How is Vilnius, Lithuania for digital nomads like?

I can potentially obtain Lithuanian citizenship from my great grandparents , f I can find the correct documents. I seek to obtain dual citizenship (Lithuania , USA) . I have been discussing my options with legal experts . If I am unable to receive dual citizenship , I would not be opposed to the 5 year residence permit in Lithuania. This option was mentioned in various emails. I am curious. What is Vilnius like ? Has anyone experienced the Lithuanian tech scene?

I’ve tried to bootstrap there when they gave residence permits easily. With their latest stunt - no more residence permit unless you hire 3 people full time - Lithuania committed suicide as a tech startup scene. Pity, because there actually was some life.

Vilnius can be very different depending on what you look for. However, I doubt Lithuania is able to control if you actually live there. That’s because controlling you means work, and that’s what nobody there wants to do.

Hey @jasonmwomack, Lithuania doesn’t allow dual citizenship (as a Lithuanian, I really don’t see any acceptable reason for that, but…), so you would have to give up US citizenship, in order to get the Lithuanian one.

Regarding the tech scene, over the past five years it has changed a lot. A lot of international companies are moving their IT and Service centres to Lithuania: one of the biggest ones is Barclays IT, employing more than 1,500 people. The startups ecosystem is booming too - some of the big names are Vinted, Trafi, TransferGo, CGTrader or YPlan (founded by two Lithuanians). The ecosystem is still young, so most of the startups are just making their first steps, but that makes it really interesting.

Also, many IT professionals, especially game developers, are moving from the East to Lithuania. There are many high-quality IT specialists in Lithuania, but the demand is even greater with new companies coming and opening up here.

And regarding Vilnius, it’s not a metropolis but I find it very cozy and the old-town is just gorgeous. There are plenty of cafes, pubs and restaurants where you can hang out. It’s exceptionally beautiful between May and September, but can be quite rough in winter (temparature getting below 20-25’C).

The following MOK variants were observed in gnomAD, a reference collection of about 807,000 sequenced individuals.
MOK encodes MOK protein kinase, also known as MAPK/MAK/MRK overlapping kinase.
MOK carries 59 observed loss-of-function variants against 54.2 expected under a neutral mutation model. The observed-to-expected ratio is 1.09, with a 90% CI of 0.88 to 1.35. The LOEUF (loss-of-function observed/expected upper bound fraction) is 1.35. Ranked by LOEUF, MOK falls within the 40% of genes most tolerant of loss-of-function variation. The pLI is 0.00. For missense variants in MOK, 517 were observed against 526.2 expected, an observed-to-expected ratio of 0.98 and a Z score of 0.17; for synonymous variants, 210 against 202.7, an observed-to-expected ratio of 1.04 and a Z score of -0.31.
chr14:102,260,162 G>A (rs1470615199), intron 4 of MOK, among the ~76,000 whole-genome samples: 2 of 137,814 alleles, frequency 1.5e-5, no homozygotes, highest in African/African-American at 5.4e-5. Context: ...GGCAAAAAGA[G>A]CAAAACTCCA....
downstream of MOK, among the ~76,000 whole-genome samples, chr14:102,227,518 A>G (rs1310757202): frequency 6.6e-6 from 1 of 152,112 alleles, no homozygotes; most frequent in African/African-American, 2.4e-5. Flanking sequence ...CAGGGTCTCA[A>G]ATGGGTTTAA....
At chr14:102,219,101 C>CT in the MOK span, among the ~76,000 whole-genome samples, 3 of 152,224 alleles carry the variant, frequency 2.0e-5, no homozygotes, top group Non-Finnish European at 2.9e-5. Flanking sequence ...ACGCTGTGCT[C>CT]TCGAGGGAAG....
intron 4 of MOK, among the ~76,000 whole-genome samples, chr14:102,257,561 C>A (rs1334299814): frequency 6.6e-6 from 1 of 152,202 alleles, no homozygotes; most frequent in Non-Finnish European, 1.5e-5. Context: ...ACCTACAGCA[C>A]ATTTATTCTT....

I hope that helps! :slight_smile:

Thanks for the info :slight_smile: The country recently made some changes to the immigration policy. Check this link outhttp://www.manopasas.com/#!but/cyr1


@adomasb
Are there many English speakers ?

@jasonmwomack The tech in Lithuania is starting to pick, but it’s still in the early stages so it’s hard to say if it will boom or die slowly (so far it’s picking up the pace).

With English speakers it would depend with who you’re talking. It shouldn’t be hard to speak in English with young people as most of them should know English. I would say that getting around using English should be easier than for example in Spain.

There are co-working spaces and locations can be beautiful. Thought the winters can be harsh (depends on the winter).

Klaipeda is also a good city, a lot less to do (especially in winter), but if lying on the beach is your thing in warm weather it’s great place to be. Some companies actually move their developers in winter, because it’s cold, nothing to do, so it’s possible to do a lot of productive work :smiley:

Oh right, wouldn’t give up your USA citizenship, but if you get the dual Lithuanian one think it’s worth to do it (should make traveling around Europe a lot easier), but only if you can have both.